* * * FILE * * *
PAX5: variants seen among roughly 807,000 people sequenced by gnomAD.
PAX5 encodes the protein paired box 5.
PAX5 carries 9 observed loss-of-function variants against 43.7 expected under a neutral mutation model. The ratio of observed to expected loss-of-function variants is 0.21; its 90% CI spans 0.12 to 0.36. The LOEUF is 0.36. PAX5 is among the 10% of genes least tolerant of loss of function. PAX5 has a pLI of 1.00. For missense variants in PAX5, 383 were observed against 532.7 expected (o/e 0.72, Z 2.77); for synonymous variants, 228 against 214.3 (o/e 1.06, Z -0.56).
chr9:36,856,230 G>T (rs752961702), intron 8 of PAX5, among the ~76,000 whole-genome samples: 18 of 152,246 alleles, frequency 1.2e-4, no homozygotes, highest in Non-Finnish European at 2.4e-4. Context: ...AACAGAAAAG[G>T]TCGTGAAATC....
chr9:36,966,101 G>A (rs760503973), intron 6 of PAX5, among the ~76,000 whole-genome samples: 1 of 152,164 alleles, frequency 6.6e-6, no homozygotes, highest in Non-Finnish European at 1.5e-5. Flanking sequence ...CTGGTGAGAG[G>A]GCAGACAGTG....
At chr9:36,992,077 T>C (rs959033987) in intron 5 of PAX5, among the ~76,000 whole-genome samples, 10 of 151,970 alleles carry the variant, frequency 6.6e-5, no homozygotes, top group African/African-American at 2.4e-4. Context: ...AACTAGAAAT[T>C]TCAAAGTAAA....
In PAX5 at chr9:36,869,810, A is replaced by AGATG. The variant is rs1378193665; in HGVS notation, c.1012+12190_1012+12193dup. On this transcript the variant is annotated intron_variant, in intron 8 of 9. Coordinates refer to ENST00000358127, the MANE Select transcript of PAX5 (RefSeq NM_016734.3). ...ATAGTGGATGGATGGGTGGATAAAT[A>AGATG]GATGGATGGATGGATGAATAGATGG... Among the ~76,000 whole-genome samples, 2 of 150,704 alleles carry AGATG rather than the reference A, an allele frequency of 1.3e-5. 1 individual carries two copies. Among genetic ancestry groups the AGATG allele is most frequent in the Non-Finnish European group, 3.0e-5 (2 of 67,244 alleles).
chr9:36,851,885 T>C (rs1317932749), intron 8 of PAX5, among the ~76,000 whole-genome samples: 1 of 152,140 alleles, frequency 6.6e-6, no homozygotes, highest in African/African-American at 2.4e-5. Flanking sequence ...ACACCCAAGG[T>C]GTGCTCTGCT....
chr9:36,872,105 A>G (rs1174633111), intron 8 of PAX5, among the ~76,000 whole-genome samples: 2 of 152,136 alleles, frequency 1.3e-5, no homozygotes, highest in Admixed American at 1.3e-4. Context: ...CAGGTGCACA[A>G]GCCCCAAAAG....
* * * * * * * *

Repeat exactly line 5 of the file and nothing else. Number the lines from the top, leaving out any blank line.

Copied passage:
chr9:36,966,101 G>A (rs760503973), intron 6 of PAX5, among the ~76,000 whole-genome samples: 1 of 152,164 alleles, frequency 6.6e-6, no homozygotes, highest in Non-Finnish European at 1.5e-5. Flanking sequence ...CTGGTGAGAG[G>A]GCAGACAGTG....